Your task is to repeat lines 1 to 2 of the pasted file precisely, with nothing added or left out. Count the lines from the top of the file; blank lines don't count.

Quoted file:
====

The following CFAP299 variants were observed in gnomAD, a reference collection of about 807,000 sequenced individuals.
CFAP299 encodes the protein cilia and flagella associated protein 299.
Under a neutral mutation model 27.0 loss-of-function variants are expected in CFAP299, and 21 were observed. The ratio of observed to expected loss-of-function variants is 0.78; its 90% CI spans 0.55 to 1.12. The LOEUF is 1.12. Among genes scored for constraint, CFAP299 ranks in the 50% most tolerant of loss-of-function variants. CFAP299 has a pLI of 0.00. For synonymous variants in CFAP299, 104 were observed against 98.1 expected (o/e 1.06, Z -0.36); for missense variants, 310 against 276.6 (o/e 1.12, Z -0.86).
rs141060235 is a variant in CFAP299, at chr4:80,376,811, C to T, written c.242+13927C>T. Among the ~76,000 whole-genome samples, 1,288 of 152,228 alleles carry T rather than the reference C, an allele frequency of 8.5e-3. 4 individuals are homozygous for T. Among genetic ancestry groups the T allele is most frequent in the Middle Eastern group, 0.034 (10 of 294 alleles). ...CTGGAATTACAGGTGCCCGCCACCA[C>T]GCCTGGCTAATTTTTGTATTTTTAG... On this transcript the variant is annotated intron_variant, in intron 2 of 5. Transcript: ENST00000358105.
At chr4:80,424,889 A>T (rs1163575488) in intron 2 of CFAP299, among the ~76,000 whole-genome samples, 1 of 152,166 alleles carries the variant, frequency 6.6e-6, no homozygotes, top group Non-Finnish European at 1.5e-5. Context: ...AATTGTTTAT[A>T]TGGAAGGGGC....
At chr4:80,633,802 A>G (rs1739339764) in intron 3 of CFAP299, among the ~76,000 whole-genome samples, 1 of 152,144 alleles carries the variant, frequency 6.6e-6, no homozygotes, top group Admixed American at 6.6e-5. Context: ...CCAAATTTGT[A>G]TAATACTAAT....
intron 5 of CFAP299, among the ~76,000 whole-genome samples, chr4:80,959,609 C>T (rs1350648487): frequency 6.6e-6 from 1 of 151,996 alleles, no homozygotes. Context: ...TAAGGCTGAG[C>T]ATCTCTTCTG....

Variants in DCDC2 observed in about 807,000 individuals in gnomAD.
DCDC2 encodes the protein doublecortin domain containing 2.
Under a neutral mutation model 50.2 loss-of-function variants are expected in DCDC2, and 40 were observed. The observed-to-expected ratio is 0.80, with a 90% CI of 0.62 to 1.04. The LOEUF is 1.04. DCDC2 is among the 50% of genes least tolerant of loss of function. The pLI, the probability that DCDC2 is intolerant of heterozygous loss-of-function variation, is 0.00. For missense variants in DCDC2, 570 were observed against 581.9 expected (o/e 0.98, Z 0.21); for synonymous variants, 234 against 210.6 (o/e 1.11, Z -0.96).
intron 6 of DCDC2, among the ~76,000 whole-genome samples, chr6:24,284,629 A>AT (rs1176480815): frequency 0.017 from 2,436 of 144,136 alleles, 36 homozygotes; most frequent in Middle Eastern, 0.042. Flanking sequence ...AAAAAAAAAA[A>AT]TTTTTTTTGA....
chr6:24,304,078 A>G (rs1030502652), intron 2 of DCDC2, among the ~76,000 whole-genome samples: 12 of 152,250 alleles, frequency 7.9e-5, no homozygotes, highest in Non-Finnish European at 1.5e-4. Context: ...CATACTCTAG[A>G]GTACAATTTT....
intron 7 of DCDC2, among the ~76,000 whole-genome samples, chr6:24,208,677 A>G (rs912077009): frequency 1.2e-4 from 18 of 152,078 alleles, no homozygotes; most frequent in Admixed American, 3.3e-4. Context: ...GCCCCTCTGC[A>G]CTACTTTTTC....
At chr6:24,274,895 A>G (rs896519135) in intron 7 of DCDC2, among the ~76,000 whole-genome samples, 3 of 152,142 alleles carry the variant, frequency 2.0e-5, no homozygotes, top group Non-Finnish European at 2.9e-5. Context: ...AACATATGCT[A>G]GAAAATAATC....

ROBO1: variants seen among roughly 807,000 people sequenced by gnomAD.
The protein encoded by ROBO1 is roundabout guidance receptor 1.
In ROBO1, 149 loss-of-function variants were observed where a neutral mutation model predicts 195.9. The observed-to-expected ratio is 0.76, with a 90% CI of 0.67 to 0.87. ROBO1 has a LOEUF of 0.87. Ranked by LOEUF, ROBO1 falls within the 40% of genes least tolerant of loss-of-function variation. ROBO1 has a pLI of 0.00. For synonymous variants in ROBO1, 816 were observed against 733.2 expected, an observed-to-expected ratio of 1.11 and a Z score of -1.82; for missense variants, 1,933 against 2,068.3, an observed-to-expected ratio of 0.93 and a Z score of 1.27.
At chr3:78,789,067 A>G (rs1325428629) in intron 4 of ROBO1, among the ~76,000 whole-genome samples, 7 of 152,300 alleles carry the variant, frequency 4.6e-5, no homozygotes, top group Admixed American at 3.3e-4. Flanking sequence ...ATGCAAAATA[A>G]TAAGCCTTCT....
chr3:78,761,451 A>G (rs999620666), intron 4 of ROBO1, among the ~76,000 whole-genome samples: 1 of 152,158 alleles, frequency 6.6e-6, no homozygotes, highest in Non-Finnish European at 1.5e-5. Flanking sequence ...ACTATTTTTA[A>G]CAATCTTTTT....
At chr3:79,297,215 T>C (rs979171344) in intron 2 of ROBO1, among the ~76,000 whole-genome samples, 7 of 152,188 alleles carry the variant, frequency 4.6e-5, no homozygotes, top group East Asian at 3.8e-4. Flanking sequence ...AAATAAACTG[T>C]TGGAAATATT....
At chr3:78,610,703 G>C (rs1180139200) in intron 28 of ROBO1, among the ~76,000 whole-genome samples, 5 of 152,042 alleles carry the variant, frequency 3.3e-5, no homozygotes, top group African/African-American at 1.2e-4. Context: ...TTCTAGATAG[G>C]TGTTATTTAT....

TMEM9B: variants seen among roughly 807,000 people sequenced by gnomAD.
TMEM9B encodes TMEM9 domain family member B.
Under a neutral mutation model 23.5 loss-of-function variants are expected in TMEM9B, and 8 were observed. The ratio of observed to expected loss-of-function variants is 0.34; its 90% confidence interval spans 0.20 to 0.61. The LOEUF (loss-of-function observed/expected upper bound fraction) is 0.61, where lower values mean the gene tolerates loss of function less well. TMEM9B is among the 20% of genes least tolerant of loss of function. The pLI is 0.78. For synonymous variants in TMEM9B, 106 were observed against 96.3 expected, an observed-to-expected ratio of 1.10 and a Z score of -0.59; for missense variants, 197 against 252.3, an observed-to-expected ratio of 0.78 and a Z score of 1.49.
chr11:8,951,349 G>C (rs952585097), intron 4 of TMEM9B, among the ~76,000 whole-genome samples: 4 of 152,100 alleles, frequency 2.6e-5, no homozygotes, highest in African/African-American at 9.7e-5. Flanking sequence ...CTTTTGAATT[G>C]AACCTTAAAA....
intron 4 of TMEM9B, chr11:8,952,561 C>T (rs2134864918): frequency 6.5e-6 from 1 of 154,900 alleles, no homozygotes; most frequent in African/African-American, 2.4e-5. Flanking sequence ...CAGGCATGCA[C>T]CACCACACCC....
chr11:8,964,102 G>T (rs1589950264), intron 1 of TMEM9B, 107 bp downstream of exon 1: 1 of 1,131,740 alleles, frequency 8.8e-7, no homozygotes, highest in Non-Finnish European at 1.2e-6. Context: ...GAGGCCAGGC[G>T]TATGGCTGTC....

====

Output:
The following CFAP299 variants were observed in gnomAD, a reference collection of about 807,000 sequenced individuals.
CFAP299 encodes the protein cilia and flagella associated protein 299.